9/25/17- Journal #2 This week as a class, we were introduced to Lysistrata and have been tasked to come up with a different time period and geographical area to set the play. This will become a part of a practice director's notebook for us. When thinking of different wars and times to set the play, I initially thought about World War II, and was excited thinking of the costumes and such. However, I could not come up with a solid project from the conflict. I then thought about other wars and conflicts that involved the US, and decided to look into the American Civil War. This would fit nicely into the project, due to the fact that the enemies were close together, and some of the fighting was done in close proximity to southern towns. Since few Union civilians lived or were near the south during the war, the absence of their presence will be similar to the set up of the play as it is in Greece, and the backdrop of a Confederate town will be parallel to that of Athens.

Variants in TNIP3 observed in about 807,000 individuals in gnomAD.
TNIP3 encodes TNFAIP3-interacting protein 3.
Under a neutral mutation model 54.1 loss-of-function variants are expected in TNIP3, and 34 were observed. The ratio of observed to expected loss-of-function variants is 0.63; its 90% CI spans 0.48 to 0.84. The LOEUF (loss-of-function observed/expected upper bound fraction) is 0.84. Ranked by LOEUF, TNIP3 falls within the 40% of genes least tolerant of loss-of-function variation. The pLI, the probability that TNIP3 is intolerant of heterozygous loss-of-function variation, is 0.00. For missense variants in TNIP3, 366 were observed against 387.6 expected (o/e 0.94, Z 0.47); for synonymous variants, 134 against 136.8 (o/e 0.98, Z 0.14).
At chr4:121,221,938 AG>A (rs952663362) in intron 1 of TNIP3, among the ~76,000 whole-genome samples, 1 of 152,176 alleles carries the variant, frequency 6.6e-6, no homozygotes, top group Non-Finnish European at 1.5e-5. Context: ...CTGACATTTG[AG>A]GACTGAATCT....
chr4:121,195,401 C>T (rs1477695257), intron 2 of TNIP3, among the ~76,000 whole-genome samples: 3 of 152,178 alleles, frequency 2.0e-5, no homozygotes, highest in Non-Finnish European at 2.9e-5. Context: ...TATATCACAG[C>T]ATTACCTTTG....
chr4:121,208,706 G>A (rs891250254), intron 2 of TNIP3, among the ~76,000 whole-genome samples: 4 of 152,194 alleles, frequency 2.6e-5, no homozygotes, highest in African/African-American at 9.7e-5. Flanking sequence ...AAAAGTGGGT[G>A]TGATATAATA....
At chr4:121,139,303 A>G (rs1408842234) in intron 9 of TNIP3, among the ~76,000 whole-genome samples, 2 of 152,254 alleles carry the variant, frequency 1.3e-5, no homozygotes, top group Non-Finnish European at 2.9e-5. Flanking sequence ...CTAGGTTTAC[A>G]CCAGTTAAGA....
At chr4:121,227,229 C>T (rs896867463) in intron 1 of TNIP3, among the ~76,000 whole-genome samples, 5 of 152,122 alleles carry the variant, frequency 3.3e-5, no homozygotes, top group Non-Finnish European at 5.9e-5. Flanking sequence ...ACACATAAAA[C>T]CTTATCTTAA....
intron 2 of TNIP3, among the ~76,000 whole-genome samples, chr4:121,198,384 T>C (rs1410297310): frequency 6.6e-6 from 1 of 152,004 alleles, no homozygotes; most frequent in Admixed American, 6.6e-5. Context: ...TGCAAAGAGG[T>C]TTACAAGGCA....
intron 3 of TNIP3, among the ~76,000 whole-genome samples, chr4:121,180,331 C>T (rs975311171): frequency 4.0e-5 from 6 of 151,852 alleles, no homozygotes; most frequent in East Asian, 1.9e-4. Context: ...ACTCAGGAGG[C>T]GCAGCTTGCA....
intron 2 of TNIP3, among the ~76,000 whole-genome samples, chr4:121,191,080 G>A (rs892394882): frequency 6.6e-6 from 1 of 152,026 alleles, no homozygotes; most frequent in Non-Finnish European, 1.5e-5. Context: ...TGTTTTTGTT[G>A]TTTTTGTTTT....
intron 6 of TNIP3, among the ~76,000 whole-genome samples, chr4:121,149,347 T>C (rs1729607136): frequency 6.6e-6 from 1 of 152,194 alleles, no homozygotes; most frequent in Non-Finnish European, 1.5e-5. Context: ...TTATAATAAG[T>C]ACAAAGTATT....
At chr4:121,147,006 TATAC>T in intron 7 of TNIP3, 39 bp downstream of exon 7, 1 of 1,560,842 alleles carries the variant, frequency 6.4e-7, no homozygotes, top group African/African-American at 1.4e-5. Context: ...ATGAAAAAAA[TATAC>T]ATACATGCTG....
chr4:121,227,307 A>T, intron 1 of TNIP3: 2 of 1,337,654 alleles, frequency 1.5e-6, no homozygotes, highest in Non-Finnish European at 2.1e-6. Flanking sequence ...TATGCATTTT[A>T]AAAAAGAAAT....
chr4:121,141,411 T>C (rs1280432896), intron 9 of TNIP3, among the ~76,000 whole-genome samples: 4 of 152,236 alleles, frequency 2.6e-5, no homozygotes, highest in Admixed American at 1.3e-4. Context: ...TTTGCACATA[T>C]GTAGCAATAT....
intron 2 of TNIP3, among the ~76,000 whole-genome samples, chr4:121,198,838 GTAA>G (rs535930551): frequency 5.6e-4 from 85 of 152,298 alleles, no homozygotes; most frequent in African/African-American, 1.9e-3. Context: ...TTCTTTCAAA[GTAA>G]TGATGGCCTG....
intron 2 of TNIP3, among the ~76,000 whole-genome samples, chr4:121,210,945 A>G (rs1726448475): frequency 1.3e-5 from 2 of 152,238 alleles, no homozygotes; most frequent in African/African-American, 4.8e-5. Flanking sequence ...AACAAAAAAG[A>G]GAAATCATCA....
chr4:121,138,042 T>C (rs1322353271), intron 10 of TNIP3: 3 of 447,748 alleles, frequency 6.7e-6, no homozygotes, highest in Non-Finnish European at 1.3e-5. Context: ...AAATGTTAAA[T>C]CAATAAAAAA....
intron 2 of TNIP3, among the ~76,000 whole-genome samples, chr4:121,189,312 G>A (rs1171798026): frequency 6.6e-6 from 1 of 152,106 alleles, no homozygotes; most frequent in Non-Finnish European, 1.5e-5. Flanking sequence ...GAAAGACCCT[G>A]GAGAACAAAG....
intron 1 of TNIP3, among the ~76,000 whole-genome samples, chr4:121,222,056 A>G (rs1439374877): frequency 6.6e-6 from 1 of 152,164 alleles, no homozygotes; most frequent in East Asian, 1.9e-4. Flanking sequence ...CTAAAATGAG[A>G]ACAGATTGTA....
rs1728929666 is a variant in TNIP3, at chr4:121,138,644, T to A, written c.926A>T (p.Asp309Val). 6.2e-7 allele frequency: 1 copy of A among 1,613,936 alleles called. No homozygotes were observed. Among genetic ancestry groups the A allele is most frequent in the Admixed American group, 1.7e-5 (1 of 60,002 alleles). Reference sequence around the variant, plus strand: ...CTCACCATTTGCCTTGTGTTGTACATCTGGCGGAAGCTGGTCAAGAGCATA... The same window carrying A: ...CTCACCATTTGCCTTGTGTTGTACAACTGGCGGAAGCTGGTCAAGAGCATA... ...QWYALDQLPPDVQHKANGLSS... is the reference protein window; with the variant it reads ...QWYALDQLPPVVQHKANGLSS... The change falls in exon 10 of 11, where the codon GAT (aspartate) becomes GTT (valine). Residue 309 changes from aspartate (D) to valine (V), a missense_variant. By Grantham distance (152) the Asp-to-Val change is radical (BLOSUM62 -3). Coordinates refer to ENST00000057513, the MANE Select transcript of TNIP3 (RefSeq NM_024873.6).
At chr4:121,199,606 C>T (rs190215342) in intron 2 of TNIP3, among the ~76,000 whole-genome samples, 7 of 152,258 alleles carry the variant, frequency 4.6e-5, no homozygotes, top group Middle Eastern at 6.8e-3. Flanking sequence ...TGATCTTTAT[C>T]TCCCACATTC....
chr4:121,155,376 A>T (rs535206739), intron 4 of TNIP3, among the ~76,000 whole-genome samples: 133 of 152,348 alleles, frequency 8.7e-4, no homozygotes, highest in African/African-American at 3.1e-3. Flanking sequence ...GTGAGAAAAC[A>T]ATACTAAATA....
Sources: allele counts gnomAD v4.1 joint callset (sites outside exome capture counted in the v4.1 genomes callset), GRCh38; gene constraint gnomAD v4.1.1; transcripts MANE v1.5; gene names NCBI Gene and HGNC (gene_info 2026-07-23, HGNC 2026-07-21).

9/18/17- Journal #1 This past week the class looked at Elizabethan theatre and more specifically, technical elements of the stage and sets during that time period in the Globe Theatre. I was particularly intrigued by the use of the stage that had permanent elements such as the inner above and inner below, the heavens, the balcony, and especially the trap door in the center of the main stage and in the middle of the heavens. I am fascinated by the idea that no matter where or when the play took place, the playwright could decide to either use these technical elements or just ignore their existence. When looking into the use of trap doors more and more, I found that with the actual stage being five feet high, the place underneath the stage, referred to as Hell could hold props, and actors easily. Both spaces would be used for actors to enter and exit. One would enter or exit above in the heavens and would exit or enter below in the main stage. I also found that for Shakespeare specifically, he tended to use the trap doors in tragedies either to portray ghosts such as in Hamlet, or witches such as in Macbeth. I think its interesting how historically, theaters were able to portray special effects and mystical elements, without having the technology that theaters have today.